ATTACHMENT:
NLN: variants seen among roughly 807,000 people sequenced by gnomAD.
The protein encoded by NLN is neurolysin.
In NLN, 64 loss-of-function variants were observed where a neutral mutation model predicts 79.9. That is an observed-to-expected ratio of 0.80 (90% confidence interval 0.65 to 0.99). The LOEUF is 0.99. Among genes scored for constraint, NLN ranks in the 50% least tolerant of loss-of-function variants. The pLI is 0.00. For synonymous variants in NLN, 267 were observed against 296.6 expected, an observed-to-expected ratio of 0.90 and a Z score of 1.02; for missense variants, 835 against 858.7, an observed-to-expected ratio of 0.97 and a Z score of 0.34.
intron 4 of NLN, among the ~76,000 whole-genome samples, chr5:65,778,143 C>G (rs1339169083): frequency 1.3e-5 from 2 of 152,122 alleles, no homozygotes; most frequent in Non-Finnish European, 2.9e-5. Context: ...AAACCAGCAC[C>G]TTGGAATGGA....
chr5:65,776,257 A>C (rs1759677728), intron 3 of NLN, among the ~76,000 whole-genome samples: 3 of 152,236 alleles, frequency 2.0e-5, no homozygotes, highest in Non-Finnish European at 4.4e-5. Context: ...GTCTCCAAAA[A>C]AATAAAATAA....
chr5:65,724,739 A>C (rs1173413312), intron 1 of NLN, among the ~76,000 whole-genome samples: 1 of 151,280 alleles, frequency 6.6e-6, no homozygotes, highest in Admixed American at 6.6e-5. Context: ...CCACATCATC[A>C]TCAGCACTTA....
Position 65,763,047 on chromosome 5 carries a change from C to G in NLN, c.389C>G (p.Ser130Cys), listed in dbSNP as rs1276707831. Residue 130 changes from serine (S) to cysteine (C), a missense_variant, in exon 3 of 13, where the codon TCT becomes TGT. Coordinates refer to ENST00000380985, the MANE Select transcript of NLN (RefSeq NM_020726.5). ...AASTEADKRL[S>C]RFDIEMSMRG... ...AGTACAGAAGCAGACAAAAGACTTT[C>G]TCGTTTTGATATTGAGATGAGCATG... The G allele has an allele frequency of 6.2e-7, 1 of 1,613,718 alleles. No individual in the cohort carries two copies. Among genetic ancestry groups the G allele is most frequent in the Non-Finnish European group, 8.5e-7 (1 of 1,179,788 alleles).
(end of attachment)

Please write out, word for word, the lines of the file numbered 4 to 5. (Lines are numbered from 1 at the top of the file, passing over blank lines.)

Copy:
intron 4 of NLN, among the ~76,000 whole-genome samples, chr5:65,778,143 C>G (rs1339169083): frequency 1.3e-5 from 2 of 152,122 alleles, no homozygotes; most frequent in Non-Finnish European, 2.9e-5. Context: ...AAACCAGCAC[C>G]TTGGAATGGA....
chr5:65,776,257 A>C (rs1759677728), intron 3 of NLN, among the ~76,000 whole-genome samples: 3 of 152,236 alleles, frequency 2.0e-5, no homozygotes, highest in Non-Finnish European at 4.4e-5. Context: ...GTCTCCAAAA[A>C]AATAAAATAA....